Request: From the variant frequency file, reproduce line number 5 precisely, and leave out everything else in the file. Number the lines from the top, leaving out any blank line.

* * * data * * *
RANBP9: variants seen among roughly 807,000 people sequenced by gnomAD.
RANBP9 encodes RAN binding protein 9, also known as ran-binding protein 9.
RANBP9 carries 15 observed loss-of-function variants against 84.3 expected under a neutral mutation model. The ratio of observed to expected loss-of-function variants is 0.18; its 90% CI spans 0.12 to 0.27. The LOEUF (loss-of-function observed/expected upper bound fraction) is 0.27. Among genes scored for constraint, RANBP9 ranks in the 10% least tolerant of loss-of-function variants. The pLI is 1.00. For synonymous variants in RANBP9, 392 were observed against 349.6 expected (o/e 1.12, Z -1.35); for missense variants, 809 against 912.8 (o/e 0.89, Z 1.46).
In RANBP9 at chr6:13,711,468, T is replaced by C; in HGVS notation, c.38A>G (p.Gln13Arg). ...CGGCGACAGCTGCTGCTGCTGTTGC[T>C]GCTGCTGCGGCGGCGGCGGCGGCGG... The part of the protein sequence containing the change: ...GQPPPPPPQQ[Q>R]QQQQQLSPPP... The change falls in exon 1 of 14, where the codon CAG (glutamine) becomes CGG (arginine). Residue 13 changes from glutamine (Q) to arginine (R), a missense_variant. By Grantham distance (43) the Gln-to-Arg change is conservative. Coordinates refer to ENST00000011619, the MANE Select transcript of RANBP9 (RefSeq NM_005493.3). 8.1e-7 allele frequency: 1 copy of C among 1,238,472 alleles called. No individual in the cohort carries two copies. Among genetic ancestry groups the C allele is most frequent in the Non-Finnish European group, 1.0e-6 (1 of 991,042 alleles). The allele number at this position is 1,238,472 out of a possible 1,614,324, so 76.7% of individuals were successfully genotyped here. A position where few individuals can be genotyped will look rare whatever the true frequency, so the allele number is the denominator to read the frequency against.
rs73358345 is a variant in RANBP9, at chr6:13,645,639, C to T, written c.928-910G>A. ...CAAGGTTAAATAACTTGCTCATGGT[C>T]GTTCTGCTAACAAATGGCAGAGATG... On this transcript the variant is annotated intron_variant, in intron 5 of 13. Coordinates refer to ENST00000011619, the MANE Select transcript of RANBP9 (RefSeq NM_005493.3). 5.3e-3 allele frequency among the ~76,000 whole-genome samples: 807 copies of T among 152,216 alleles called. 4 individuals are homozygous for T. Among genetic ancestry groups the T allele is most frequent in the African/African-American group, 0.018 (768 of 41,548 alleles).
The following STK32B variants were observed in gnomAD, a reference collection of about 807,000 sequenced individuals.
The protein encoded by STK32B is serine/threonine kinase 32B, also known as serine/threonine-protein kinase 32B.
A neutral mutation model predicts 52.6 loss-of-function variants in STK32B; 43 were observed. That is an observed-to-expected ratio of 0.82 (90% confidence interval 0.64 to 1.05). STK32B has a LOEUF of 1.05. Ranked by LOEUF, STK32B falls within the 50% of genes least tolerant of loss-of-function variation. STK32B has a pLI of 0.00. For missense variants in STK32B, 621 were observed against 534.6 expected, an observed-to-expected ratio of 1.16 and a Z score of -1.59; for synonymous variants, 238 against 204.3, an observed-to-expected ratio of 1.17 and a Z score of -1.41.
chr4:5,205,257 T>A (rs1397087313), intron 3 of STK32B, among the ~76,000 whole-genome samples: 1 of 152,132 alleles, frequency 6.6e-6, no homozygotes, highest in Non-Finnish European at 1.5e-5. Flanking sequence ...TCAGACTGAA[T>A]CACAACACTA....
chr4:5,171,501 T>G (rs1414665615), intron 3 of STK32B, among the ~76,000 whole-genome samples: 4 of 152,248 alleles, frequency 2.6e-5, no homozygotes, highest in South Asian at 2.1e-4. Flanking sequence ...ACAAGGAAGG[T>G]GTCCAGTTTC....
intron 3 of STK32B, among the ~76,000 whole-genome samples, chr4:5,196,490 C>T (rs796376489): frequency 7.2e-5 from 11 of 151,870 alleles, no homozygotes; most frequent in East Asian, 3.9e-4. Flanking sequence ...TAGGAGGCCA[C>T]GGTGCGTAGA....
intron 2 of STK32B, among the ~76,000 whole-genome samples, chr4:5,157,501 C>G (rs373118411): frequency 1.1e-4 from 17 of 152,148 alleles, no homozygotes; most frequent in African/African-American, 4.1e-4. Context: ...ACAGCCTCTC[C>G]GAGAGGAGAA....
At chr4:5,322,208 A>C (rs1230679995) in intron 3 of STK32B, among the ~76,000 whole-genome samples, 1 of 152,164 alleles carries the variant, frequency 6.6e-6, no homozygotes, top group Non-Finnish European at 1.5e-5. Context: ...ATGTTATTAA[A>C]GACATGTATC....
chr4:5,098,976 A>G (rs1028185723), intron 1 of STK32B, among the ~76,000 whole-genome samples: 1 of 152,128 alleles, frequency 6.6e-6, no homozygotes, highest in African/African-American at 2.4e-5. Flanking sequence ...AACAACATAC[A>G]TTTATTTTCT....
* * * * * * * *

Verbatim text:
rs73358345 is a variant in RANBP9, at chr6:13,645,639, C to T, written c.928-910G>A. ...CAAGGTTAAATAACTTGCTCATGGT[C>T]GTTCTGCTAACAAATGGCAGAGATG... On this transcript the variant is annotated intron_variant, in intron 5 of 13. Coordinates refer to ENST00000011619, the MANE Select transcript of RANBP9 (RefSeq NM_005493.3). 5.3e-3 allele frequency among the ~76,000 whole-genome samples: 807 copies of T among 152,216 alleles called. 4 individuals are homozygous for T. Among genetic ancestry groups the T allele is most frequent in the African/African-American group, 0.018 (768 of 41,548 alleles).